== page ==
Just before we put everything away for a day to celebrate Christmas Day, I spend half an hour, late on Christmas Eve having a haircut and a shave. There’s a little Bangladeshi barbers at the end of the road. It’s empty, so I think it safe to sit there, unmasked for a few minutes.
Machine number 1 and a shave, min fadlik.
The rest is pure ecstasy. The haircut doesn’t take long, to be fair…there’s not a lot to cut. Then the warm suds are applied to the face, not once but three times and the cut-throat razor does the rest. Talcum powder and then an electric razor, something astringent and then it all starts again….nose hair, ear hair, eyebrows, neck…all clean and trimmed. And finally, the head massage. Thump, twist, slap….thump, twist, slap…..The cost? £4.
I drive back, a little dazed… to finish wrapping presents, pour a large glass of wine and… relax.
Hang on, I hear you say? Wine? Well yes. Although he country is Muslim and ‘dry’, ex-pats are entitled to an alcohol licence and can buy spirits, wine and beer from the no-Muslim alcohol shop in Muscat. 20% of a salary can be spent on alcohol…and that’s more than enough. A bottle of gin will set you back somewhere between £50 – £80, a case of 24 beers, £50. In desperate times…..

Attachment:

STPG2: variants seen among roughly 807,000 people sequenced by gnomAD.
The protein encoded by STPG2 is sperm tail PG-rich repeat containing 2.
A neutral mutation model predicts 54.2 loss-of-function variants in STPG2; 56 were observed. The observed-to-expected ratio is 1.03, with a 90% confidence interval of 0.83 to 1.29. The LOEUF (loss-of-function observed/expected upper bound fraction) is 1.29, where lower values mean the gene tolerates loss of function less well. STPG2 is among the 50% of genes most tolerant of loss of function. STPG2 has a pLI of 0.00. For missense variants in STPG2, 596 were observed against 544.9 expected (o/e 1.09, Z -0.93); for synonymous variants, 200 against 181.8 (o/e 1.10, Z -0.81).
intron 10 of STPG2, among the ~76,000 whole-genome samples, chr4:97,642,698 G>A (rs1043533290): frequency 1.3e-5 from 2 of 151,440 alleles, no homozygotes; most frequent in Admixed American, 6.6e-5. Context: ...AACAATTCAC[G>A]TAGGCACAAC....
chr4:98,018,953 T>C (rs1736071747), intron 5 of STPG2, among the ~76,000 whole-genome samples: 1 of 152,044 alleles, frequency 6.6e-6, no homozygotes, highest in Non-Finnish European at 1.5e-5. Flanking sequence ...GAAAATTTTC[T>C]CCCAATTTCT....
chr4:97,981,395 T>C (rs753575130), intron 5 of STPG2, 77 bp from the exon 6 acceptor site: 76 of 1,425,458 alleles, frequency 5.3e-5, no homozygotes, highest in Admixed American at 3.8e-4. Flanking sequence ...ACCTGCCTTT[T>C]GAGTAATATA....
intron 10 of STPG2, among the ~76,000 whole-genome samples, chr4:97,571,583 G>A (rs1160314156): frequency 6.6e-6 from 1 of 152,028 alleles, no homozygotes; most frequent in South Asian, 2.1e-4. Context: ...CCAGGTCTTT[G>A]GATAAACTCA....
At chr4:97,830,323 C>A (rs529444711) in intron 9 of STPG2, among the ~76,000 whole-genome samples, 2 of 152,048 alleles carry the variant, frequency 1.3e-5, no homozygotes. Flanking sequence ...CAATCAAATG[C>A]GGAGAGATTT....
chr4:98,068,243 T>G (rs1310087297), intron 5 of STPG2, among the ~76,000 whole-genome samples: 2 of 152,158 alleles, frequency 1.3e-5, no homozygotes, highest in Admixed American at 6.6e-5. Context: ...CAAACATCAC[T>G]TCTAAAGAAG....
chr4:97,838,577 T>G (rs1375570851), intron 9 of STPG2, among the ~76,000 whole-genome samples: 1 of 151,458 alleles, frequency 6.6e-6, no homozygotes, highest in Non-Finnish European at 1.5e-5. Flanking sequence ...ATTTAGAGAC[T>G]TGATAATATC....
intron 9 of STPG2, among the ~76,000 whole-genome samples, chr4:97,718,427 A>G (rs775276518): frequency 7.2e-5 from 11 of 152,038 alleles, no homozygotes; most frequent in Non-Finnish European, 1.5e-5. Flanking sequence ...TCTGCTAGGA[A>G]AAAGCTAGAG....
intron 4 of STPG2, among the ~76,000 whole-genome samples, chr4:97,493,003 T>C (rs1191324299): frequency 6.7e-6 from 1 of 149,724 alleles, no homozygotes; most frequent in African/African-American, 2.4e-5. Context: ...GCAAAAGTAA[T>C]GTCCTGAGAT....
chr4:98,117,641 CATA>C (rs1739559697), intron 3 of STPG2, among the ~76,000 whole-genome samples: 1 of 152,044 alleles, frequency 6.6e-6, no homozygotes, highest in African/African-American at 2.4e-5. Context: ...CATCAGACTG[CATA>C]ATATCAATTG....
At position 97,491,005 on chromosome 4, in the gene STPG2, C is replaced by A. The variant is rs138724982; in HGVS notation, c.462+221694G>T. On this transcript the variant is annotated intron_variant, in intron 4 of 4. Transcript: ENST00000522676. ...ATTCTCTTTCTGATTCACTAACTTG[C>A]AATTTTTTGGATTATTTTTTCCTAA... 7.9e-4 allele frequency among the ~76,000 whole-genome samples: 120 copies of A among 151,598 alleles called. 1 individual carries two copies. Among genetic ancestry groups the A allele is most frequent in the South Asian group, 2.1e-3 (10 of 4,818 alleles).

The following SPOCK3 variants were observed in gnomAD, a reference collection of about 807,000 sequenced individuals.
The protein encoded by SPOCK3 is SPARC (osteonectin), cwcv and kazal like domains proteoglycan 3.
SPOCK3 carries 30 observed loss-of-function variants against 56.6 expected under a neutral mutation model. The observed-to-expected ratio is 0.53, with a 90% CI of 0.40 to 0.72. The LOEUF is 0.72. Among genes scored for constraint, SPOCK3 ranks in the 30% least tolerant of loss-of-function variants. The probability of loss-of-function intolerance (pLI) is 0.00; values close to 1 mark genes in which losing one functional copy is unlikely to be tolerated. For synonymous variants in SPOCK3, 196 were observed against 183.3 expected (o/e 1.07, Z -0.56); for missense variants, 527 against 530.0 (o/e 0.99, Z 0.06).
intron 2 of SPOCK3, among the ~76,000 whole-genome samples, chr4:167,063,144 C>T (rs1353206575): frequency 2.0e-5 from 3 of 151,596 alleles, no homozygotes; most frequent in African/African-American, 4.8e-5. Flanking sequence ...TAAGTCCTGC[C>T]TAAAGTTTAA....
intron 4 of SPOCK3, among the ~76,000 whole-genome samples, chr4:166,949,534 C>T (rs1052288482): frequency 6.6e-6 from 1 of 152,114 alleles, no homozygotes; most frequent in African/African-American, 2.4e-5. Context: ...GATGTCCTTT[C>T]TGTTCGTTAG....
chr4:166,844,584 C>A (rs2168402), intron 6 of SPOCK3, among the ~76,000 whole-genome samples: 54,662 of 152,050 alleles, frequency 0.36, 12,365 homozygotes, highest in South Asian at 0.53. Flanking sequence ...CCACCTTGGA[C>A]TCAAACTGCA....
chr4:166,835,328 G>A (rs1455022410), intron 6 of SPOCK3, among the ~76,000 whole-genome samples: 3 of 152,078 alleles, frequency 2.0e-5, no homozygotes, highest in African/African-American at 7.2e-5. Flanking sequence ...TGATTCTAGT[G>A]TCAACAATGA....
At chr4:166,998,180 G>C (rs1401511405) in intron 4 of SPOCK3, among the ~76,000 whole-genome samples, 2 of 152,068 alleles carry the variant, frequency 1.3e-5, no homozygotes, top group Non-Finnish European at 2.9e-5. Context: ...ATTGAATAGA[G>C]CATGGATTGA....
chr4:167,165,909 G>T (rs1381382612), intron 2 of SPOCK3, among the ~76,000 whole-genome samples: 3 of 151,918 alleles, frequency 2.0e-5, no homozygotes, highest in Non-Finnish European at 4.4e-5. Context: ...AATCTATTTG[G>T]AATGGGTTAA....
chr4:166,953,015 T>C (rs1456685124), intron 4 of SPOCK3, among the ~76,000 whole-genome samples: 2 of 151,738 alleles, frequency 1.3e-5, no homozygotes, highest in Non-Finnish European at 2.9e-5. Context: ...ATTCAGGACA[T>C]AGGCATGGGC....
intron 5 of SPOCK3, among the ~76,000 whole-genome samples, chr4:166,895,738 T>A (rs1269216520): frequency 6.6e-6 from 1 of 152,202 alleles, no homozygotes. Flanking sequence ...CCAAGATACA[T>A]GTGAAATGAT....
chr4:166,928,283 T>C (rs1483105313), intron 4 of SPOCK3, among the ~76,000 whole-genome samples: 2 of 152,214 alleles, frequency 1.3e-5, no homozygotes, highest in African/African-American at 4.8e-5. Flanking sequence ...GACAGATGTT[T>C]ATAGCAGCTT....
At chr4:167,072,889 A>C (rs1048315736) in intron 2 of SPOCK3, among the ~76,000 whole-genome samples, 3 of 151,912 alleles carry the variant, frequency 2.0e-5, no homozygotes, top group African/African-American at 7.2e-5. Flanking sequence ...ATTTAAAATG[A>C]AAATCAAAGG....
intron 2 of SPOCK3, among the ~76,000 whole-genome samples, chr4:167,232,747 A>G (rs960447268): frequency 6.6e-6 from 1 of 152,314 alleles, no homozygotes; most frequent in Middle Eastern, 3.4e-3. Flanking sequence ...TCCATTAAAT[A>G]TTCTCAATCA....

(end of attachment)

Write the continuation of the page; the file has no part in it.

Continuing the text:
There are two solutions….one is to buy via the airport duty free, but for that you need someone entering with a boarding card. Alcohol prices there are roughly in line with UK over-the-counter prices. The alternative is to join a social club, such as PDO just outside Muscat. The annual subscription might well be £500 per annum for each person, but the drinks are heavily subsidised. With enthusiasm, you can claw your subscription costs back over the bar in….a week / month / year (delete as applicable)
Rub al Khali Desert…..the Empty Quarter.
Southwest of Muscat, some three hours drive, lies the Empty Quarter. The Arabs know it as Rub al Khali..and it’s huge. It covers the southern third of the Arabian Peninsula. 250,000 square miles of more or less…nothing….except sands and dunes, camels and a few Bedouin goat farmers eeking out an existence. The Empty Quarter stretches for 620 miles and is 310 miles wide with golden dunes stretching upwards for up to 810 feet.